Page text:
FreeNas Storage

Commercial products aren’t always the best option, sometimes free and open-source alternatives offer just as much (if not more) than paid counterparts. FreeNAS is a platform for setting up Network Attached Storage without forking out countless pennies on smart drives and cloud services. We’ll run you through exactly what FreeNAS is, what one can do with it and why you may want to consider deploying it.

What is FreeNAS

FreeNAS is essentially an open-source platform built atop of Linux. This operating system can be installed on a PC with adequate components, but it can pretty much work with most modern PCs due to reasonable requirements (you just need more than 8GB of RAM and storage). The main advantage of installing FreeNAS on a machine you wish to connect to a home (or office) network and share files is it has pretty much everything you need to get started.

The OS also makes full use of ZFS, an open-source file system, RAID controller, and volume manager in one. It’s a flexible solution that ensures data is protected, which is ideal for sensitive information, personal media, and system backups. It’s possible to deploy FreeNAS as an enterprise file storage solution  and work in features like FTP and secured external access so you can access files when not on the local network.

Interestingly, FreeNAS doesn’t necessarily need to be installed on hardware and can work perfectly fine within a virtual machine in ESXi, so long as you have a powerful enough machine to handle it. When it comes to connected clients, Windows is supported by FreeNAS, alongside Linux distributions and even Mac OS, which is ideal in a world where consumers own devices running a different OS.

Here are the minimum requirements:

  • Multicore 64-bit processor.
  • 8GB Boot Drive (SSD recommended)
  • 8GB RAM
  • HDD for storage
  • Network port

Should you have a machine available that meets the above requirements, it’s really easy to get setup and ready to go. Once everything is installed, there’s even a handy web interface that can be used to alter settings and manage the OS.

At this point you may ask: “But obviously I need an expensive RAID controller for this level of storage?” Absolutely, positively not!

FreeNAS uses the ZFS file system, which doesn’t suffer from most, if not all of the issues or limitations that legacy file systems and hardware RAID controllers have. Even in the event that your motherboard dies, you should be able to plug in your drives to another machine running FreeNAS and import your volumes.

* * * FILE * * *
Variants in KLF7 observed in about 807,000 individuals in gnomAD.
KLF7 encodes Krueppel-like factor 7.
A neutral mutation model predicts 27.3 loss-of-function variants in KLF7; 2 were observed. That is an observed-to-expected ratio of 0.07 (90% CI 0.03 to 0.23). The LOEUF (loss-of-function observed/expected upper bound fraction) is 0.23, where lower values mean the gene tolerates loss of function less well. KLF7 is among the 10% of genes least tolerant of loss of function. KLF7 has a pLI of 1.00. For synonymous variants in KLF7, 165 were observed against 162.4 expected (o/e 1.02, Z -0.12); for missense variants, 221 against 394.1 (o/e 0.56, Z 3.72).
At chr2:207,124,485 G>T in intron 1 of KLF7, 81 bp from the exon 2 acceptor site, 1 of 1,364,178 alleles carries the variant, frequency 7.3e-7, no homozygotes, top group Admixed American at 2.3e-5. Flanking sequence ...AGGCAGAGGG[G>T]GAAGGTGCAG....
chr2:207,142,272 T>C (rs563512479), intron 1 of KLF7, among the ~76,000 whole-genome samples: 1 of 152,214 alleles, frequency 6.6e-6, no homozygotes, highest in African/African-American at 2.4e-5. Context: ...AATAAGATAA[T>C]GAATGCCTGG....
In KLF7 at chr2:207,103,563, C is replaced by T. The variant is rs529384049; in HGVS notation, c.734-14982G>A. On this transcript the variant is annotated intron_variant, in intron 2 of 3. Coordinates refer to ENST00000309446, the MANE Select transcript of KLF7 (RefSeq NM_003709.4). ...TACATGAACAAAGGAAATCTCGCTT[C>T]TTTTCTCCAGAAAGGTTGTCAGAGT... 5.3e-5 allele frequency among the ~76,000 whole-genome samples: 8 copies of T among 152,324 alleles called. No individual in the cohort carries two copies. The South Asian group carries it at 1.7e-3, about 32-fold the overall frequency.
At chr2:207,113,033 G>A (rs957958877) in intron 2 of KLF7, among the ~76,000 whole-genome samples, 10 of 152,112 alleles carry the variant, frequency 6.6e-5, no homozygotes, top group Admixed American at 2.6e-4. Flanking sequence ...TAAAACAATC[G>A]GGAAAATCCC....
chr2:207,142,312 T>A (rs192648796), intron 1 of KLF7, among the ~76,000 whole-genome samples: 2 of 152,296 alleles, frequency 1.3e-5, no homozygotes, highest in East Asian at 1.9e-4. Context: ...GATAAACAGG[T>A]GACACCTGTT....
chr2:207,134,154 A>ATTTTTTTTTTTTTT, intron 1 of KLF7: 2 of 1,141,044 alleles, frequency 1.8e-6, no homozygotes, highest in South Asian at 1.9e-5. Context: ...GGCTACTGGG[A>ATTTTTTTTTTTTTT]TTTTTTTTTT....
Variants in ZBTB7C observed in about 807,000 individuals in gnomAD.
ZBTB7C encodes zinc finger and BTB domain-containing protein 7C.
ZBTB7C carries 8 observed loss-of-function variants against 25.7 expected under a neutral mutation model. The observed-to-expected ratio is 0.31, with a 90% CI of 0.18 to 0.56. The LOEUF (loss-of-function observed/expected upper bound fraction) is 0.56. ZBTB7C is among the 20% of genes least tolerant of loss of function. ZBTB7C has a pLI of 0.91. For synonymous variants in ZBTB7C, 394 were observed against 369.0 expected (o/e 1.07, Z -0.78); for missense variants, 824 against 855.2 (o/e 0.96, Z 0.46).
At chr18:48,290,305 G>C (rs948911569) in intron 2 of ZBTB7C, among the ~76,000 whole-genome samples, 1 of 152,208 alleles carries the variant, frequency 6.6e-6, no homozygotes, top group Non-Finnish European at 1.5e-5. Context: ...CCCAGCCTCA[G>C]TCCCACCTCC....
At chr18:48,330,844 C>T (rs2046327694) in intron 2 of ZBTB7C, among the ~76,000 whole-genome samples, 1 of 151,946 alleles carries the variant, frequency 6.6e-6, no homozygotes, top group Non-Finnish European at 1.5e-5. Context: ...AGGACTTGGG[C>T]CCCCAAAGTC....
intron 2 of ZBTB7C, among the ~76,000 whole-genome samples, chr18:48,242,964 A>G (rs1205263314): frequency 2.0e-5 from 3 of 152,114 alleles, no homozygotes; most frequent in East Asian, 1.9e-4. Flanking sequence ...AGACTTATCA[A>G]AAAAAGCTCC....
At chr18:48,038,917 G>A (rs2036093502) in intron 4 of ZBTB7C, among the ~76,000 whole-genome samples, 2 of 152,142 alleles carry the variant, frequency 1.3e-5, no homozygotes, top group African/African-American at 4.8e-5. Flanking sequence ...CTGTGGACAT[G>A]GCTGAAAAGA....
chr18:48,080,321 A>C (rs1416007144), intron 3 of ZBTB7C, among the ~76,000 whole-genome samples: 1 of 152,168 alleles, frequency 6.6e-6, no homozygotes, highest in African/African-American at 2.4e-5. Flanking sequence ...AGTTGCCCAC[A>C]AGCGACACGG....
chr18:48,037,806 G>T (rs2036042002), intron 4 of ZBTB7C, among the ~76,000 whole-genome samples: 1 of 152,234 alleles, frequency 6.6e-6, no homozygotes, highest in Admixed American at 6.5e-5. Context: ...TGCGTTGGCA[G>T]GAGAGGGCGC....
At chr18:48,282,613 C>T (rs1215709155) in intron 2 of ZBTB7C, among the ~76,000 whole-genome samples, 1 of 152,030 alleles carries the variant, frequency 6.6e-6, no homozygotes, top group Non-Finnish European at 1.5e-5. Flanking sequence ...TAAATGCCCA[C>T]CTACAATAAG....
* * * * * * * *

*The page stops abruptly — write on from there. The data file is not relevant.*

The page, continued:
freenas 11 dashboard

There are ZFS options for creating striped drives, mirrored drives and even a disk array with two parity drives. Which means your array will have to suffer three drives failing outright before you have a catastrophic failure. The flexibility that FreeNAS offers combined with the ZFS implementation makes setups from home all the way up to corporate a possibility. Did I mention that there is no restriction on how much storage you could add?

Loss of data can be a catastrophic experience. Even in the unfortunate events like theft or natural disasters, your data is invaluable. FreeNAS has native support for replication, snapshots and rsync as well as extended support for services such as CrashPlan and even Amazon S3. Got a Mac? You could use your FreeNAS box as a time machine natively! Rest assured your backup needs be they local or cloud, on all operating systems are more than covered.

With the current version of FreeNAS (FreeNAS 11) comes a hypervisor. This means that you can spin up as many instances of Windows or Linux right on your FreeNAS server as your hardware permits. This makes cases like testing out a new operating system or creating tiny virtual machines that have a specific purpose a cinch!

The techs over at FreeNAS have also announced that Docker will be supported in the next release, which opens up your FreeNAS box to the world’s leading software container platform.

Once you have your FreeNAS box setup, it will only need attention from you in the event of a hardware fault or necessary update. The dashboard does have telemetry built in so you have the option of keeping a watchful eye on your disk, network or CPU usage.

Alternatively you could use the built-in notifications to email you in the event that one of your drives has failed.

Another indication of software maturity, is in the activeness of it’s community. The FreeNAS forum is a plethora of knowledge, not just on FreeNAS, but many experts in the fields of security, software development, analysis, and even people that are brand new to the Linux community take part in the conversations.

You will rarely, if not ever, come across an instance where someone hasn’t asked the question you need an answer for, or someone will not be able to answer.